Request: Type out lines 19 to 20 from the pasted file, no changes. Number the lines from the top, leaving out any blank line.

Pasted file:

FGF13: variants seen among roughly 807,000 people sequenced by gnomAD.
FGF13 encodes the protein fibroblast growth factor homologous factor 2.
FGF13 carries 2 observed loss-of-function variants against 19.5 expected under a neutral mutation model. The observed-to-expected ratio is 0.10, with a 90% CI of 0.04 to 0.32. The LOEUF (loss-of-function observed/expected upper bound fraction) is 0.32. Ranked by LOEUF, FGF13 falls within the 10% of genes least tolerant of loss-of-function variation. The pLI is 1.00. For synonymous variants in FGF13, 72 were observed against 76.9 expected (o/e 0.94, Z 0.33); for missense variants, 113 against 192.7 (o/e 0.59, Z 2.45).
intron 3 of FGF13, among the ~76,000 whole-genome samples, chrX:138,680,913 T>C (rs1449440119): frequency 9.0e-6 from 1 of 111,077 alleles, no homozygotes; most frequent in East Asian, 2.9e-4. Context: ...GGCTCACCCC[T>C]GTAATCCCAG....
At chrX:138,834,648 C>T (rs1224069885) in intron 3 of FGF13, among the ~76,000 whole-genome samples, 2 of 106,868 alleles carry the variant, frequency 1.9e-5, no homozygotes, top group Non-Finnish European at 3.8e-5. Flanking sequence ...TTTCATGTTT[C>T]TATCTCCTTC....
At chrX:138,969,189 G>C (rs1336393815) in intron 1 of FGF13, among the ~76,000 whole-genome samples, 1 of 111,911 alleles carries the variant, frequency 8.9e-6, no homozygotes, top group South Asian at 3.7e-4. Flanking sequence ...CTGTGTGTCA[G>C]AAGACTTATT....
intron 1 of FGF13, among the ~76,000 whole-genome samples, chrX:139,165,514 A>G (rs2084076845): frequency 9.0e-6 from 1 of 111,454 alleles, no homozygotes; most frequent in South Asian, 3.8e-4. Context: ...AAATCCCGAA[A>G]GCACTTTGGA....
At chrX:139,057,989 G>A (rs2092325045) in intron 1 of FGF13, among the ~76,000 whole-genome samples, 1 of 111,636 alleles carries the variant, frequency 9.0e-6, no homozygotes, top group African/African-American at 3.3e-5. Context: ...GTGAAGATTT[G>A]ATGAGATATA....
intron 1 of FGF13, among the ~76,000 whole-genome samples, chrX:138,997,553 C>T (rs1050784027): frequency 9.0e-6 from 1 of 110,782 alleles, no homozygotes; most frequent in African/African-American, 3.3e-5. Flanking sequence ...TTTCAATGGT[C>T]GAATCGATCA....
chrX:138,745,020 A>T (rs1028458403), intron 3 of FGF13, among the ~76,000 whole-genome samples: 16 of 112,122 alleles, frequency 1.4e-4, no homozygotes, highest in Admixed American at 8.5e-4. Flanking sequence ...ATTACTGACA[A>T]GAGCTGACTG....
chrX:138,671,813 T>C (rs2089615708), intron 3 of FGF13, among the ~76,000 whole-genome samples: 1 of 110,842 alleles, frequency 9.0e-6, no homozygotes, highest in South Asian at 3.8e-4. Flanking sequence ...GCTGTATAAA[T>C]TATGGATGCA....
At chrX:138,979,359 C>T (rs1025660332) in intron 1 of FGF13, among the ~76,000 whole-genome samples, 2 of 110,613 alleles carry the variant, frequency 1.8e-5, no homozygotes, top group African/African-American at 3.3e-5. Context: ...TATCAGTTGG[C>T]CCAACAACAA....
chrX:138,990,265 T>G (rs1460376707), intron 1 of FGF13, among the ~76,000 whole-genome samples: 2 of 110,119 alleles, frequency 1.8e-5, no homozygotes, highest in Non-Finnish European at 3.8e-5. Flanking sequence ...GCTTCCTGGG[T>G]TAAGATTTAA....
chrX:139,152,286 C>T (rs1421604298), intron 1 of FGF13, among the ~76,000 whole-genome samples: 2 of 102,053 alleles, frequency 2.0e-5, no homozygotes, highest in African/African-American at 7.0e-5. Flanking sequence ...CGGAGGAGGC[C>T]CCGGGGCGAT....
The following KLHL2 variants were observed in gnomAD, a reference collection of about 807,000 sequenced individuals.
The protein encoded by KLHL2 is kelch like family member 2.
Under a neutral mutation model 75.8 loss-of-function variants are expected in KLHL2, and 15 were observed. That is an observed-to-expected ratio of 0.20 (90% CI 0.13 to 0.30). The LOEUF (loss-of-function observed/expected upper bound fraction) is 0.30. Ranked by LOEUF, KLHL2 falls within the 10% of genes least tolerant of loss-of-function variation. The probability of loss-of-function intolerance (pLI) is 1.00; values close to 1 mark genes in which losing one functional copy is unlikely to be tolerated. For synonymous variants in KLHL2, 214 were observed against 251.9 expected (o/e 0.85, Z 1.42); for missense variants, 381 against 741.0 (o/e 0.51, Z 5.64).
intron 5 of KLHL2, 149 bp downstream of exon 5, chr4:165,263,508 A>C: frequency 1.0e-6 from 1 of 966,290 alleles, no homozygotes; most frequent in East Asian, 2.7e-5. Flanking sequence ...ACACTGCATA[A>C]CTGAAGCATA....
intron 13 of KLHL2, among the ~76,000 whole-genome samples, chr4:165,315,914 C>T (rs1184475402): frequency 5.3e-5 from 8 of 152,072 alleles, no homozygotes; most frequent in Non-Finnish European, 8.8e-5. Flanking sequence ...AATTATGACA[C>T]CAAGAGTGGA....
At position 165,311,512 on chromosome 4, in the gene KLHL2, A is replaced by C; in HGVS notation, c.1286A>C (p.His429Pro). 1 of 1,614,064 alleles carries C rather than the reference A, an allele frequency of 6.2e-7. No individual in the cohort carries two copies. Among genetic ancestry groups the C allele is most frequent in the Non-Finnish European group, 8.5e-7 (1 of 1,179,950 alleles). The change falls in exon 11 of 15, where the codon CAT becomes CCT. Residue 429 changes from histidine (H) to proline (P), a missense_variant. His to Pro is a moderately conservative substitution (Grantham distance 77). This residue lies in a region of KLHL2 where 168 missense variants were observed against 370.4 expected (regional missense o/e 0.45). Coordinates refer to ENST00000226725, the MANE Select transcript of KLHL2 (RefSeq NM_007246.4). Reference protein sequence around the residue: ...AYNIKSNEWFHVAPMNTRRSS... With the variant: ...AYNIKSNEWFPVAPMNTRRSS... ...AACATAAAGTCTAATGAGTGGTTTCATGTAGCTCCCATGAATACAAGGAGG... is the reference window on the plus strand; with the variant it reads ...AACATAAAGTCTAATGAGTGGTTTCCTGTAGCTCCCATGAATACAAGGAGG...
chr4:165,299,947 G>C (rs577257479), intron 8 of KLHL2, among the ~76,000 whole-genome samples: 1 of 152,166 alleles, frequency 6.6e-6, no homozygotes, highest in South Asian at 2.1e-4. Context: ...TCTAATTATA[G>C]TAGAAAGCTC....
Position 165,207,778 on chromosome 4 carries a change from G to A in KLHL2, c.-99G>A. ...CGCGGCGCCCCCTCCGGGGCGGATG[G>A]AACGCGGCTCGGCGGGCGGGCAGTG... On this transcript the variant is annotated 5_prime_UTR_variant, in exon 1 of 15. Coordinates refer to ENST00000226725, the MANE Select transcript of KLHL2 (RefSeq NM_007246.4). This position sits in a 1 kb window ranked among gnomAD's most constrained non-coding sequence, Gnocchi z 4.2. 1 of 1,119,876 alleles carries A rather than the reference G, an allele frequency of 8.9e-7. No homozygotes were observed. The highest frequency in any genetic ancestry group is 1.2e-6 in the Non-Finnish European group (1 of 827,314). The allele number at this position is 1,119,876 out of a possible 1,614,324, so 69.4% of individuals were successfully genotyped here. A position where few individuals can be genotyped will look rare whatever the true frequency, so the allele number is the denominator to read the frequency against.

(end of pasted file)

intron 13 of KLHL2, among the ~76,000 whole-genome samples, chr4:165,315,914 C>T (rs1184475402): frequency 5.3e-5 from 8 of 152,072 alleles, no homozygotes; most frequent in Non-Finnish European, 8.8e-5. Flanking sequence ...AATTATGACA[C>T]CAAGAGTGGA....
At position 165,311,512 on chromosome 4, in the gene KLHL2, A is replaced by C; in HGVS notation, c.1286A>C (p.His429Pro). 1 of 1,614,064 alleles carries C rather than the reference A, an allele frequency of 6.2e-7. No individual in the cohort carries two copies. Among genetic ancestry groups the C allele is most frequent in the Non-Finnish European group, 8.5e-7 (1 of 1,179,950 alleles). The change falls in exon 11 of 15, where the codon CAT becomes CCT. Residue 429 changes from histidine (H) to proline (P), a missense_variant. His to Pro is a moderately conservative substitution (Grantham distance 77). This residue lies in a region of KLHL2 where 168 missense variants were observed against 370.4 expected (regional missense o/e 0.45). Coordinates refer to ENST00000226725, the MANE Select transcript of KLHL2 (RefSeq NM_007246.4). Reference protein sequence around the residue: ...AYNIKSNEWFHVAPMNTRRSS... With the variant: ...AYNIKSNEWFPVAPMNTRRSS... ...AACATAAAGTCTAATGAGTGGTTTCATGTAGCTCCCATGAATACAAGGAGG... is the reference window on the plus strand; with the variant it reads ...AACATAAAGTCTAATGAGTGGTTTCCTGTAGCTCCCATGAATACAAGGAGG...